The companies that placed an offer on the table include Nozar, Grosvenor, Domo and Pryconsa, although the successful bidder in the end was Grupo Ibosa, according to some of the candidates that have been left out of the process, speaking to El Confidencial. Both JLL, the consultancy firm advising the sales process, and Ibosa declined to comment in this regard.

The plot in question is located in the heart of Madrid, opposite the Cuban consulate, just 700 m from Paseo de la Castellana and 1km away from the Santiago Bernabéu stadium, where the supply of buildable land for sale is very scarce. In fact, the vast majority of the projects in the area are being built in renovated properties.

Five detached homes are currently being constructed on the acquired plot, with surface areas of between 300 m2 and 400 m2 each, which will have to be demolished to make way for the buyer’s future project. All indications are that a luxury apartment development will be built on the plot, which will be added to the high-end projects that Ibosa currently has underway in Valdemarín – on some plots it acquired from Blackstone – and in Aravaca, and marketing of which has just been launched.

The lack of new build product in the area and the high demand explain this pressure on prices. The development will be built in the Chamartín district, which is home to some of the most sought-after residential areas in the centre of the city, such as El Viso, where the Venezuelan investors Miguel Ángel and Áxel Capriles arrived in April last year to purchase Villa San José on Pablo Aranda 3, just opposite Florentino Pérez’s real estate bunker.

In terms of benchmark prices, one example is the 11 homes that are being built on the plots of the former headquarters of RTVE. The Ministry of Finance put that plot up for auction at the end of 2015 and it was awarded to Martell Investment for €10.8 million, which represents a repercussion price of €4,800/m2. Construction of those homes has now begun and the prices fluctuate around €7,000/m2.

Boom in prices

In just two years, the prices in the most sought-after neighbourhoods of the Spanish capital have soared by more than 20% (…).

According to a recent report from Engel & Völkers, maximum prices in this Madrilenian neighbourhood amount to €6,000/m2, although, as sources specialising in the sale of luxury homes at the agency explain, “there are no new build properties in the area, and so the final prices depend a lot on the features of each project”.

In terms of the area, like in the most trendy areas of Madrid, prices have risen sharply over the last year. According to Engel & Völkers, prices have risen by 10% since 2017, “although, at the moment, more operations are being closed than last year because there is greater access to credit, but, nevertheless, prices are barely rising”.

Original story: El Confidencial (by E. Sanz)

Translation: Carmel Drake

BBVA & Sabadell Finalise Negotiations with the FGD to Sell their ‘Protected’ Toxic Assets

17 July 2018 – Expansión

The two banks are looking to remove their remaining damaged assets from their balance sheets. Sources in the sector calculate that the FGD will have to assume a cost of around €3.5 billion.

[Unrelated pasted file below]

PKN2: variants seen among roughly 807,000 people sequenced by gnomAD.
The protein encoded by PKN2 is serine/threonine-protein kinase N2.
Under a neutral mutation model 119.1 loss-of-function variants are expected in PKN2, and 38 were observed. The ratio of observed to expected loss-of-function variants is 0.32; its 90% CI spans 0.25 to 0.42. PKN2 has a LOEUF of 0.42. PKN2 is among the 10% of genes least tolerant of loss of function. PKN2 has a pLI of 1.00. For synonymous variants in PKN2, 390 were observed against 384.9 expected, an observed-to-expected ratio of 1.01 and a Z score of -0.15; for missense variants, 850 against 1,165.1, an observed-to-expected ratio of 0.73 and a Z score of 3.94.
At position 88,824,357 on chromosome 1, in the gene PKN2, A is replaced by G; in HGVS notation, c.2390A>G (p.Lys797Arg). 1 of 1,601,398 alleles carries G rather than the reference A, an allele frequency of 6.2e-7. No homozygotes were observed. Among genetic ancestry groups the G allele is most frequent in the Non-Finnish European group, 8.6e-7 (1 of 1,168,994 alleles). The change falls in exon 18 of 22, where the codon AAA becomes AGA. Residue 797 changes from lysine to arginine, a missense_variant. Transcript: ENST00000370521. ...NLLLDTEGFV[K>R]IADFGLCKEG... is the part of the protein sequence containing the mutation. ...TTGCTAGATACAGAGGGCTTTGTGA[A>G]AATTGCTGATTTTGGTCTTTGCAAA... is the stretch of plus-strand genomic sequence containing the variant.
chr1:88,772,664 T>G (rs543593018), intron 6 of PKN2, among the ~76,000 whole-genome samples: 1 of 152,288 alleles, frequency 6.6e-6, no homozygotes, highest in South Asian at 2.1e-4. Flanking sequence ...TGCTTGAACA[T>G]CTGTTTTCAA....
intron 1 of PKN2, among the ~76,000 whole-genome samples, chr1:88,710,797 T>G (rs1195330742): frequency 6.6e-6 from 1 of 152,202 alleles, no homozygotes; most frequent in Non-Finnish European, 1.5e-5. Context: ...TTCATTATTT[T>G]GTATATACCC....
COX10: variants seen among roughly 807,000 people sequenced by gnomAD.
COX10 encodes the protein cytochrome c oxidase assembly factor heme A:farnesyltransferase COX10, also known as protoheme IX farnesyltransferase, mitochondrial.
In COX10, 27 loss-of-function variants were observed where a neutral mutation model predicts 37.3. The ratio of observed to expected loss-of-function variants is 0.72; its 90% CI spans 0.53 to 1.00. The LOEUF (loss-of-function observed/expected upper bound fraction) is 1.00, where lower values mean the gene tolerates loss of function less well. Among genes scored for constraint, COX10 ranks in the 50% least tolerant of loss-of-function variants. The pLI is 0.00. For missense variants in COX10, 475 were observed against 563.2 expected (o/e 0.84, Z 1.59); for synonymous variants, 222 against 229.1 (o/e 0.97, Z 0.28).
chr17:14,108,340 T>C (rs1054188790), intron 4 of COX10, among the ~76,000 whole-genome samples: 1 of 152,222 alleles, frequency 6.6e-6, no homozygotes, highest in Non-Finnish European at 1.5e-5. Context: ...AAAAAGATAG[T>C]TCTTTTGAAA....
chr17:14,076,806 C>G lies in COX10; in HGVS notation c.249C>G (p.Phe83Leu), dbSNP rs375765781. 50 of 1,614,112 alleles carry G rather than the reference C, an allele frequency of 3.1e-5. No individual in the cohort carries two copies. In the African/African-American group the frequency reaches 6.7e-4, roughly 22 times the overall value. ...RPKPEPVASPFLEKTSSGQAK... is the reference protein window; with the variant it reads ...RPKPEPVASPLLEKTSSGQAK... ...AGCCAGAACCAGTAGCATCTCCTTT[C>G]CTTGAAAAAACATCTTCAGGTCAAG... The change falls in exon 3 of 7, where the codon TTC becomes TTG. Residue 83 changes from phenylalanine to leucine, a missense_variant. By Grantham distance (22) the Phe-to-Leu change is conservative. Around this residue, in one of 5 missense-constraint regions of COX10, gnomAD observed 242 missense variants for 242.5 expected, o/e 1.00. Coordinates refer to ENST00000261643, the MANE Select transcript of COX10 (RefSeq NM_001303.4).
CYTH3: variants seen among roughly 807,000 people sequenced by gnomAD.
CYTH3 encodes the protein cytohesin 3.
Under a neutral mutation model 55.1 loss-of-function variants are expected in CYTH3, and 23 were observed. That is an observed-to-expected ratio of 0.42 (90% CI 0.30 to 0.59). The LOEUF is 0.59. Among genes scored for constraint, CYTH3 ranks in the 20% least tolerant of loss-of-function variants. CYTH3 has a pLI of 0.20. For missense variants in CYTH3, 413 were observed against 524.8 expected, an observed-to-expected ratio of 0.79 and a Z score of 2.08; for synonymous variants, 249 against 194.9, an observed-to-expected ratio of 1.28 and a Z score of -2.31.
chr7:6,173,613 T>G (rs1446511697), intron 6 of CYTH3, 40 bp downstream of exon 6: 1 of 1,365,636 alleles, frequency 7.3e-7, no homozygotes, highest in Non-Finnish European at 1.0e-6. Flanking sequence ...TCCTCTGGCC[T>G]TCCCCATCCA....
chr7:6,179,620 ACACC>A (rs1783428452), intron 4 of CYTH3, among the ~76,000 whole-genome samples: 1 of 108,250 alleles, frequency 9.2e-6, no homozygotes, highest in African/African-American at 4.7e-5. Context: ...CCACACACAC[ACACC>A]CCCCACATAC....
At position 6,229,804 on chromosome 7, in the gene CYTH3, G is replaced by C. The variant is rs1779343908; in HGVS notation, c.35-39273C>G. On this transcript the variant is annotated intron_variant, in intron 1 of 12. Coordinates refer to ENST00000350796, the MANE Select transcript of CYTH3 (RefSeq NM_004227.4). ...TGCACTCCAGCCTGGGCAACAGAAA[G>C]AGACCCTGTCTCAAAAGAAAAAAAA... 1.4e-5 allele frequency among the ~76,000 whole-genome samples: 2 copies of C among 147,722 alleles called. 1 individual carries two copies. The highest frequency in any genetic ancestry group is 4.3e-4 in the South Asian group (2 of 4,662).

The Deposit Guarantee Fund (FGD) and BBVA and Sabadell are on the verge of reaching a definitive agreement that will allow the two banks to sell the majority of their damaged real estate assets that are protected by the FGD in order to clean up their balance sheets.

The fund will know exactly what the cost of the protection is and, in exchange, the banks will assume a greater percentage of the potential losses. Calculations from experts in the sector indicate that the cost that the FGD will have to bear amounts to around €3.5 billion.

The negotiations that have been going on for months between the heads of the FGD, led by Javier Alonso as the Chairman and Deputy Governor of the Bank of Spain, and BBVA and Sabadell, as well as the Ministry of Finance and the other financial institutions, are on the verge of reaching an agreement that will enable the two banks to get rid of the majority of their damaged real estate assets in operations similar to the ones undertaken by both Santander with Popular’s assets and more recently by CaixaBank.

The formula is the same: the two banks group together in a new company, or several new companies, the damaged assets and they sell the majority of the share capital in those companies to an investment fund, holding onto a minority stake that typically amounts to between 10% and 20%. In this way, the banks deconsolidate their real estate positions and their balance sheets look clean.

The problem that BBVA and Sabadell have had is that a large part of their assets to be sold are protected by a guarantee until 2021 whereby the FGD committed to bear the cost of 80% of any losses incurred, on the book value of those assets, when they were sold. This has been the case for the last few years (Sabadell has already sent three annual invoices to the FGD for losses over the last three years and BBVA has done the same for the last two years). And so that will continue until the end of the guarantee period.